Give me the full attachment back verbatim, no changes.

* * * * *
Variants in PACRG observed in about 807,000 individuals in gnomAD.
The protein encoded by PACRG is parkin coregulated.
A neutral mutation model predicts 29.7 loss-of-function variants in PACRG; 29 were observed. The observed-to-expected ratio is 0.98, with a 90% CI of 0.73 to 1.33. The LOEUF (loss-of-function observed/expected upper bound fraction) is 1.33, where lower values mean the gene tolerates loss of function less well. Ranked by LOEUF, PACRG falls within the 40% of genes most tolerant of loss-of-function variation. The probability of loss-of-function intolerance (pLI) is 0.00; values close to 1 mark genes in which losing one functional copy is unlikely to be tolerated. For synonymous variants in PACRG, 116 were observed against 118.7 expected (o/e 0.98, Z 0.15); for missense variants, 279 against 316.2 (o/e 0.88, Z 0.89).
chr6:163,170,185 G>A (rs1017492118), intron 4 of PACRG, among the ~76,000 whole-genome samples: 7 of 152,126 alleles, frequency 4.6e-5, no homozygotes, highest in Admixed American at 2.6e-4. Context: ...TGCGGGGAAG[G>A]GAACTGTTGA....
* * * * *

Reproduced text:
Variants in PACRG observed in about 807,000 individuals in gnomAD.
The protein encoded by PACRG is parkin coregulated.
A neutral mutation model predicts 29.7 loss-of-function variants in PACRG; 29 were observed. The observed-to-expected ratio is 0.98, with a 90% CI of 0.73 to 1.33. The LOEUF (loss-of-function observed/expected upper bound fraction) is 1.33, where lower values mean the gene tolerates loss of function less well. Ranked by LOEUF, PACRG falls within the 40% of genes most tolerant of loss-of-function variation. The probability of loss-of-function intolerance (pLI) is 0.00; values close to 1 mark genes in which losing one functional copy is unlikely to be tolerated. For synonymous variants in PACRG, 116 were observed against 118.7 expected (o/e 0.98, Z 0.15); for missense variants, 279 against 316.2 (o/e 0.88, Z 0.89).
chr6:163,170,185 G>A (rs1017492118), intron 4 of PACRG, among the ~76,000 whole-genome samples: 7 of 152,126 alleles, frequency 4.6e-5, no homozygotes, highest in Admixed American at 2.6e-4. Context: ...TGCGGGGAAG[G>A]GAACTGTTGA....